Business leaders have today warned financial short-termism is continuing to prevent companies from becoming more sustainable.
A global survey of 642 senior executives, campaigners and academics conducted by consultancies GlobeScan and SustainAbility found 88 per cent of respondents regard pressure to deliver immediate financial results remains a significant barrier to firms’ sustainability efforts.
This is the lead in from Business is Green’s article Profit incentive derailing sustainability, and I wanted to take a moment as I feel there is a fundamental flaw in the way this story (and the conclusions of the survey) are being spun.
That, it is in fact not profits getting in the way of sustainability, it is greed. And this to me is important because on a regular basis I hear, and read, about how so many firms (and their executives) want to “do the right thing”. They see the problem, they know they have a place to inject themselves, but they don’t.
Apple is a great example of this. A firm that made a billion USD a week in profits last quarter, and yet claims that not only is the US to expensive to manufacture in (i.e. Apple could not be AS profitable), but it is also a firm that is unwilling to invest in a supplier network that abides by even China’s labor or environmental laws… or holds their key suppliers accountable. Could Apple sacrifice 300 million USD to ensure that all their supplier’s plant met environmental code and that their compliance team was the biggest and baddest in the industry? sure.. why won’t they? simple, it would reduce profits.
Not eliminate profits.. reduce. Which is a greedy act.
In Business is Green’s article, they make mention of the fact that tied to this is also the consumer end:
Meanwhile, low consumer demand for green products and services was identified as a problem by 57 per cent.
Which for me is completely beside the point. Yes, consumers should push back (particularly in cases like Apple), but the vast amount of greed in the system, that maximizes the size and effect of externalities, are outside the reach of the consumer.. and are not about “green”. Best example of that would be the housing crisis of 2008 where the greed of a select few created the conditions for a financial meltdown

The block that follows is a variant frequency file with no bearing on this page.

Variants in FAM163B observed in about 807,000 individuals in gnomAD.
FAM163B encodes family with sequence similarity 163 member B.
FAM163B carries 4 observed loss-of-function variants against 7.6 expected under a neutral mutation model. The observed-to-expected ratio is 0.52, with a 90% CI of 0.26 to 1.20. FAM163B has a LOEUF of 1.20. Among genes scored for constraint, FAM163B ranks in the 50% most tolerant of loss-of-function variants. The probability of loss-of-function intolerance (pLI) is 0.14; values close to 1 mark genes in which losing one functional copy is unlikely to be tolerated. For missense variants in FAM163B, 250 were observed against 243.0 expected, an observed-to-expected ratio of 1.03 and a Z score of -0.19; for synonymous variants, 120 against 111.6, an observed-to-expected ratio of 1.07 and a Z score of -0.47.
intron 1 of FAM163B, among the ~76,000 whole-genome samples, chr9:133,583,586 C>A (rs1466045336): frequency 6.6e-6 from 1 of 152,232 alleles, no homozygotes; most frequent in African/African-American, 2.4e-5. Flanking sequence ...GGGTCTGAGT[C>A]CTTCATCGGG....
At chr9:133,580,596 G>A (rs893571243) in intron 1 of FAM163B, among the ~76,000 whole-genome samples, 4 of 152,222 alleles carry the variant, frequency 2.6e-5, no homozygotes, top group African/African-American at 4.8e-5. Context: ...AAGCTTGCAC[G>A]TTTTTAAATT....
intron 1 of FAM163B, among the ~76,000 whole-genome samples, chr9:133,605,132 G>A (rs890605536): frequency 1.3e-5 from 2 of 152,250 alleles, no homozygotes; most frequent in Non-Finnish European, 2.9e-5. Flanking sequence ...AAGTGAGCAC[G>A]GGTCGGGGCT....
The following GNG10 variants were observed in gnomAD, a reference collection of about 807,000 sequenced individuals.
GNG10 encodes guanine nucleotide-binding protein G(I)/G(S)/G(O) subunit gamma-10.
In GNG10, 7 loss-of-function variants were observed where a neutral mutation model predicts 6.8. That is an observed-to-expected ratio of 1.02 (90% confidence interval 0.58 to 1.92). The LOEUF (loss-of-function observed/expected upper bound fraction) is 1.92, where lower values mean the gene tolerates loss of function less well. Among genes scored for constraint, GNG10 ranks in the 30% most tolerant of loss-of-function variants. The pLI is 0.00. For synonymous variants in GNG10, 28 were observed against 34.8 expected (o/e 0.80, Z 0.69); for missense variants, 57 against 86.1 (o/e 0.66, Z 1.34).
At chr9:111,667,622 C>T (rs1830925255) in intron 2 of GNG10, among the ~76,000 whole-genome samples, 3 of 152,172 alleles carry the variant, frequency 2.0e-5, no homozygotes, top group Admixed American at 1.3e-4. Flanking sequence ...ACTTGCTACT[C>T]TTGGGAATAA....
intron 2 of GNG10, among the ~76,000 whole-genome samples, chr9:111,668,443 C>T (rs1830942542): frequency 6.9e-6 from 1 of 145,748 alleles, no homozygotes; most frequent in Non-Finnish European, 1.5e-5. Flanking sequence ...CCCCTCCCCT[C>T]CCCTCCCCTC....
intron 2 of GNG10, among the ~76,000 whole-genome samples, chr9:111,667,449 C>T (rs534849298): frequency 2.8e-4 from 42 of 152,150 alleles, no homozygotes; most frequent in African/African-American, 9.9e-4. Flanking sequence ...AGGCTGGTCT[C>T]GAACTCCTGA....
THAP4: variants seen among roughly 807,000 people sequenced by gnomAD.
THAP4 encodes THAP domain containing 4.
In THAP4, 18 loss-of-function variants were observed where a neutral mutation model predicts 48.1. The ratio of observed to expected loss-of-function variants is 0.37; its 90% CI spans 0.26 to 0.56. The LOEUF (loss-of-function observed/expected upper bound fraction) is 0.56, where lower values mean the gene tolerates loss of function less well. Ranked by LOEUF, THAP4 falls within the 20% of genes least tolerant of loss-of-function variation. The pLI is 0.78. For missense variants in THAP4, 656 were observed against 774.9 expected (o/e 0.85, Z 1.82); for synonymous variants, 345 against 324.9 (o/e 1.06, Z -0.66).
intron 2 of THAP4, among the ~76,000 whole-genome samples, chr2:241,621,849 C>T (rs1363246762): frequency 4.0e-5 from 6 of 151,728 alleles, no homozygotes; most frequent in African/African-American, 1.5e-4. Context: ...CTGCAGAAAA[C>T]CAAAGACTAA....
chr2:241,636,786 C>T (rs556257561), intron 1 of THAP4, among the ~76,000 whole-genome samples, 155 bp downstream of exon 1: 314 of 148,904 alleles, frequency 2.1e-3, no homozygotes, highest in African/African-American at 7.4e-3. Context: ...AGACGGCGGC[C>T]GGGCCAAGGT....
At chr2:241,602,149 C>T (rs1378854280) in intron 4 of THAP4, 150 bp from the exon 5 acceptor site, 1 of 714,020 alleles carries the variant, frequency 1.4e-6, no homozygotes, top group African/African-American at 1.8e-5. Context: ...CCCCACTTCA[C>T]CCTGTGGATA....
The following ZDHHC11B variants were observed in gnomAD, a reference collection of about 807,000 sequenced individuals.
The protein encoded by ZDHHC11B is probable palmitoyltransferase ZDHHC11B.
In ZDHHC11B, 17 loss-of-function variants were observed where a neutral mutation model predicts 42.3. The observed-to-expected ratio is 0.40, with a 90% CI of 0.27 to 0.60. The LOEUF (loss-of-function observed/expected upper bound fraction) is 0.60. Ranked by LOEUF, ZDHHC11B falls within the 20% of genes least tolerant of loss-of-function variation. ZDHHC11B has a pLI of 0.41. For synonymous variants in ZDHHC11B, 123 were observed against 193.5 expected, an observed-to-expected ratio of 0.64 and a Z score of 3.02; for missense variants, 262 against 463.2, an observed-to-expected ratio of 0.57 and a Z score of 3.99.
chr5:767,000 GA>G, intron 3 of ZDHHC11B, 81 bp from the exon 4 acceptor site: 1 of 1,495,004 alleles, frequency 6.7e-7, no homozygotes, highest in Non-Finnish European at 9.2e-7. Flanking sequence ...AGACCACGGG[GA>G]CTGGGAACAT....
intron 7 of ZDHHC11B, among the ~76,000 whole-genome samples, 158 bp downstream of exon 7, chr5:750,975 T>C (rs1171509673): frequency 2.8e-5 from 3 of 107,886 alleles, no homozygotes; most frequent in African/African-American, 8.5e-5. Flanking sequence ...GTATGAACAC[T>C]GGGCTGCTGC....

For me, what it all comes down to at the end of the day is value, and the value(s) that leaders themselves have. At this point, the system rewards those who are maximizing profits in the short term, regardless of the environmental, economic, or social costs, and regardless of whether or not consumers show a preference for “Green” products, there needs to be a fundamental value set within leaders where externalities are considered, minimized, and addressed with a balanced view for profits
Update: In reading through the post again, I realized that it would be best if I highlighted some firms who I thought were on the right track. Those who, even with a planned profit sacrifice, went ahead and begun transforming the way they do business.
1) Interface flooring – this is perhaps the most commonly used example around, and for god reason. Ray Anderson took a company who profits were reliant upon a business model that sourced worst chemical compounds known to man as raw materials, and then put those materials through an energy/ water intensive process to develop products where there is no “away” and then he turned it around during a time of peak profits. He forced his company through a process of assessment, action, and innovation that many thought would result in lost profits, only to find out that the firm would be more profitable, be more resilient, have employees who loved working for the company more, and whose customers did not walk away.
2) Timberland – Jeff Schwartz is one of the most vocal CEOs around when it comes to issues of the environment, and like Ray, he began a process whereby timberland shoes and apparel were designed with sustainability in mind. Material usage, social responsibility, environment, and fair labor all became factors in a firm whose industry is known for anything but. It was a process that required investment, but that investment was seen as one the business SHOULD make as a member of the community
3) Haworth furniture – A tour of the Shanghai plant, and in speaking with their team, and this is another clear example of a firm who is doing things “differently”. Their Shanghai facility is a zero waste facility with no materials going to landfill (there is a waste recycling program), but more than that, it is a process that included suppliers (boxes must be reused by suppliers) and customers (the firm is now taking old furniture and refurbishing it – at a profit). There is still work to be done with materials, but so far the energy savings, material savings, and increased customer/ supplier engagement has only proven the financial side of going “green”
.. and there are many others who deserve mention. Particularly those who built firms with the balance in mind, versus the need to find it later, but as the above survey was more about the later I pulled out those three examples. Figured they were more applicable.